DISTRICT ATTORNEY: RECORDS STILL UNDER REVIEW
By Kevin Hogencamp
Nearly a year later, the investigation into wrongdoing associated with the City of Albany’s business relationship with Cutliff Grove Family Resource Center is almost completed, Dougherty District Attorney Greg Edwards said Tuesday.
The criminal probe began after public outcry prompted the Albany City Commission to reverse its decision to allow Cutliff Grove, its developer and others to walk away with $364,000 in public funds from a failed housing development.
Facing a roomful of angry citizens, many of whom had vehemently bent their ears during phone calls City Commission members refused to let citizens speak, but voted 6-1 last August to ask Edwards to investigate the matter. The probe – which forced then-City Manager Alfred Lott to open the taxpayer’s books rather than allow him to continue to illegally conceal them — could result in criminal charges being filed against Cutliff officials and city staffers.
Cutliff Grove had proposed a housing development for low-income residents across from Greater Cutliff on the 800 block of West Broad Avenue. Because of irregularities on Lott’s staff’s part, the U.S. Department of Housing and Urban Development forced the city to repay the $364,000 in federal funds that the city gave to Cutliff Grove in increments to get the project started. HUD also decertified Cutliff Grove as a community housing development corporation.
John Rivers, the financially troubled Columbus architect who Lott tried to give $16 million in public funds to redevelop the former Heritage House hotel, was the Cutliff Grove project’s developer.
Explaining the lengthy probe, Edwards said Tuesday that “a substantial amount of the time relating to this matter was consumed by the need to obtain banking and other related financial records (and) many of the necessary records were secured outside of the state of Georgia.”
“Personal service of subpoenas on bank officials was required in many instances along with the compilation of the records from various sources and a detailed analysis of the records received,” Edwards said. “Because a particular bank official was finally personally served at the end of July, it is anticipated that the last of these records should be secured within this month.
“Upon completion of the analysis, the findings will be addressed and this office will act as deemed appropriate by the facts and the law. As this is a matter of public interest, all such related information … will be made available.”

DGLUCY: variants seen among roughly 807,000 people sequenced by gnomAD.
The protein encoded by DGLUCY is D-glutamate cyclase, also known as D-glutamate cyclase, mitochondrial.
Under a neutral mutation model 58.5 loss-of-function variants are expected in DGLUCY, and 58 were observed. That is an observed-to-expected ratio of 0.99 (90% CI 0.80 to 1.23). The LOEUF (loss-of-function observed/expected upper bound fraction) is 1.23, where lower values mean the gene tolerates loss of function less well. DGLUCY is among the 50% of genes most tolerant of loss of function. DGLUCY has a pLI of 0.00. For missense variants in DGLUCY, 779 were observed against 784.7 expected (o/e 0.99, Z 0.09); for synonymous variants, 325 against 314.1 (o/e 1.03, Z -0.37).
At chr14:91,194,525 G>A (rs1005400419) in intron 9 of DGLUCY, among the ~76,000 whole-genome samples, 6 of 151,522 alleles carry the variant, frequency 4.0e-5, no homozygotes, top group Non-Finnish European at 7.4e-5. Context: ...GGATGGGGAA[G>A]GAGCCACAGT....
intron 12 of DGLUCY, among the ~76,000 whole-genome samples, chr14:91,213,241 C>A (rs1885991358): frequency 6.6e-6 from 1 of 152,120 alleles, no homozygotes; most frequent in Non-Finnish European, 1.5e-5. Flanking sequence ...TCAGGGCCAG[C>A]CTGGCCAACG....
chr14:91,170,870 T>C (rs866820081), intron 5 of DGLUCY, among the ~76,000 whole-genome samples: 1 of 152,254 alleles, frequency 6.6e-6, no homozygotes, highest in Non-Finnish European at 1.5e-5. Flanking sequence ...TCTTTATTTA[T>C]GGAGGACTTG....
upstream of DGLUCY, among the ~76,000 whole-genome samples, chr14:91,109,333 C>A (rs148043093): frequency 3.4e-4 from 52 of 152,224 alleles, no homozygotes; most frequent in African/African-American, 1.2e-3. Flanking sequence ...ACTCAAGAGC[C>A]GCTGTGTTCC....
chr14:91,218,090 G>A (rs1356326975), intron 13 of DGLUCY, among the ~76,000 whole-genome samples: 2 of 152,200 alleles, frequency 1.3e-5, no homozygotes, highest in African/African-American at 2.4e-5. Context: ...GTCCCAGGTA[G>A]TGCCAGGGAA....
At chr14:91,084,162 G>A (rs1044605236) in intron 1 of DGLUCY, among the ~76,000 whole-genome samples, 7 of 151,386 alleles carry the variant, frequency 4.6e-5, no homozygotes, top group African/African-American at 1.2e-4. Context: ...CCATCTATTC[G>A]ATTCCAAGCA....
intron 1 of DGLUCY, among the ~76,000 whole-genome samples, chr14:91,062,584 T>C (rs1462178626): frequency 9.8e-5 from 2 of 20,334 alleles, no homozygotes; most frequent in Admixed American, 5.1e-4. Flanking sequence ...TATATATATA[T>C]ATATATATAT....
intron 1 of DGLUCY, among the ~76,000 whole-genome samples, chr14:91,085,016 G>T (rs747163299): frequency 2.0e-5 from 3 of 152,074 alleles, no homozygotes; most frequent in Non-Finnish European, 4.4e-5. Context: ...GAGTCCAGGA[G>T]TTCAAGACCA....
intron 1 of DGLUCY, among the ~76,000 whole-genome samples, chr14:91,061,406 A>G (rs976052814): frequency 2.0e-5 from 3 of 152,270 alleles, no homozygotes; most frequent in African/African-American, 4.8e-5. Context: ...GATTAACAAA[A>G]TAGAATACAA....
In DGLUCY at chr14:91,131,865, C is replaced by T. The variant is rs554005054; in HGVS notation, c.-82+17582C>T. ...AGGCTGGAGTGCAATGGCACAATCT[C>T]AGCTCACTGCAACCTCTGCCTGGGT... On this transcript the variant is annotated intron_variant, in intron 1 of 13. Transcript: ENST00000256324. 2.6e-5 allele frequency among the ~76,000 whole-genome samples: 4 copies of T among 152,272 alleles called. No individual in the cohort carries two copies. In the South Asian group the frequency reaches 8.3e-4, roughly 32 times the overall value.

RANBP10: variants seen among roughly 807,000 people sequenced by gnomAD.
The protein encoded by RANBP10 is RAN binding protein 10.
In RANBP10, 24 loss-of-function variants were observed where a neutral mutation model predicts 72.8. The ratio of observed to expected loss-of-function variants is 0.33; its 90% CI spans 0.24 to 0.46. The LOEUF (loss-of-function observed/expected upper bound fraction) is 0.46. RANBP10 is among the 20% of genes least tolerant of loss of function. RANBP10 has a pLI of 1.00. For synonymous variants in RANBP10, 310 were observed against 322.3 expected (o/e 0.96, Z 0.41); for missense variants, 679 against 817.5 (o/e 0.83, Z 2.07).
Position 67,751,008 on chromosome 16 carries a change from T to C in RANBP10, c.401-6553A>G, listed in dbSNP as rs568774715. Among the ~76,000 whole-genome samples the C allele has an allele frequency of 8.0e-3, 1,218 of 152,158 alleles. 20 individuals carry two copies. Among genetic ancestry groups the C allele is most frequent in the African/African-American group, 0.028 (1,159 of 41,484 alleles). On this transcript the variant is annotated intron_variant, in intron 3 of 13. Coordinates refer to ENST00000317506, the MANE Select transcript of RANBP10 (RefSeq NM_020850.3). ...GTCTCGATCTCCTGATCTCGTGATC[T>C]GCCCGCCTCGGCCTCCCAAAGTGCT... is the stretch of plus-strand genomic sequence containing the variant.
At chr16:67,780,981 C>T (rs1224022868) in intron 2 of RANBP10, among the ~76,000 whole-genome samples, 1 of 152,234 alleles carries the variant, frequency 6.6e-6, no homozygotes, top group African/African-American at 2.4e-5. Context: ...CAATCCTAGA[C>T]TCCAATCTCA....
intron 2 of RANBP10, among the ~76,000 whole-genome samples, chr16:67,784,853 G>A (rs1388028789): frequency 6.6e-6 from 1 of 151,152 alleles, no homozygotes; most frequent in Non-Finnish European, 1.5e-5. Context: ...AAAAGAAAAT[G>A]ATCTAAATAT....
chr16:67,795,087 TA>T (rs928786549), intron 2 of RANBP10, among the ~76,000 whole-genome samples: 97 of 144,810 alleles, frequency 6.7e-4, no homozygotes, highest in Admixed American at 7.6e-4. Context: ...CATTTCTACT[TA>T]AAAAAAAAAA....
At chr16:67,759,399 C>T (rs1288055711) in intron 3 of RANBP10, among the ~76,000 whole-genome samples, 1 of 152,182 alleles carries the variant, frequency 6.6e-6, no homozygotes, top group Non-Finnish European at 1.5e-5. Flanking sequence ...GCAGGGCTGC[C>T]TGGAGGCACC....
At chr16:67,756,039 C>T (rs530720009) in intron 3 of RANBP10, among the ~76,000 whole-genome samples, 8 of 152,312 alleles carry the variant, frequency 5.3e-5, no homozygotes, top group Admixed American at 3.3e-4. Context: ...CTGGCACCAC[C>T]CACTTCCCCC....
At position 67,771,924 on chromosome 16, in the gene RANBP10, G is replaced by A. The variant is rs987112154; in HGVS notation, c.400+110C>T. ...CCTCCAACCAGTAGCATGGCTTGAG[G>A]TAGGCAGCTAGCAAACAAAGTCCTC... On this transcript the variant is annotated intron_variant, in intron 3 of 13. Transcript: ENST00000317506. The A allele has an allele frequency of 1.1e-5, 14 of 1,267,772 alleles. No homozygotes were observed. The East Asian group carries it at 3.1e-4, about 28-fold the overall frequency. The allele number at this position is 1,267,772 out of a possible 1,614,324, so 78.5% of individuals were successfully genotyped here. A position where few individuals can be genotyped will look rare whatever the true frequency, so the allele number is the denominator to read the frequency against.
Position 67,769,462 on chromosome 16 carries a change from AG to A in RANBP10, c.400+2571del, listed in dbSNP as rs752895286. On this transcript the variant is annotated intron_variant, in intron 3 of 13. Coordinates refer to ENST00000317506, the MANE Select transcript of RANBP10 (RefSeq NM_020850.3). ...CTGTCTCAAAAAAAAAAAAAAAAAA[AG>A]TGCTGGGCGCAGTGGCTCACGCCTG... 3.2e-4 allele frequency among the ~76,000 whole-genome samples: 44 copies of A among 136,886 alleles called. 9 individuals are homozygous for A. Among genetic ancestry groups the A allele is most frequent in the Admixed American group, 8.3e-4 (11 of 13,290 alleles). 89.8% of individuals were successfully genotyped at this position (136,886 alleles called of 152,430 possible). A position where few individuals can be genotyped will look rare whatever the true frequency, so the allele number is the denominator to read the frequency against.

Last August, City Commission members Dorothy Hubbard and Christopher Pike said citizen outrage prompted them to change their earlier votes to allow Cutliff Grove to keep the $364,000 in taxpayer funds from the failed project.
Mayor Willie Adams and commissioners Jon Howard and Bob Langstaff also reversed their votes after Commissioner Roger Marietta was initially all alone in his insistence that taxpayers be reimbursed by the money owed by Cutliff. Commissioner Tommie Postell, who has since proposed giving Cutliff Grove additional funding and has actively sought to have taxpayers pay for the failed project, cast the lone dissenting vote, saying “they haven’t done nothing criminal and shouldn’t be investigated.”
Residents’ calls to Howard, Marietta, Pike, Hubbard and Langstaff resulted in the commission deciding to open Lott’s books to criminal investigators. “In all my years on the commission, never has one issue been so unanimous in terms of citizen support. All of the calls I received were from people upset (about forgiving Cutliff Grove’s debt to the city),” Hubbard said last year.
Dr. McKinley Drake, the resource center’s chief executive officer and pastor of Greater Cutliff Grove Baptist Church, said after the vote that he welcomes the probe. Earlier, he said city officials were to blame for problems that occurred with the project.
“We have nothing to hide. We have all the receipts, everything, all the invoices,” Drake said in an interview with The Albany Journal. “I have no problem with an investigation. We did nothing wrong.”
After some commissioners initially labeled the district attorney’s probe as a “criminal investigation,” the City Commission deliberately decided not to have Adams use the word “criminal” in his letter asking for Edwards to look into the matter. However, the district attorney’s office investigates crimes – not civil matters. Indeed, Edwards said last year that he may request the assistance of the Federal Bureau of Investigation, U.S. Attorney’s Office or the Georgia Bureau of Investigation.
Lott resigned under pressure in June 2010 in the wake of a scandal involving his human resources director, who has filed a federal race and sexual discrimination against Lott, he asked the City Commission if he could remain on the job until July 2011. The Cutliff Grove matter, however, prompted some commissioners to work behind the scenes to force Lott to resign sooner. He left his post in March 2011.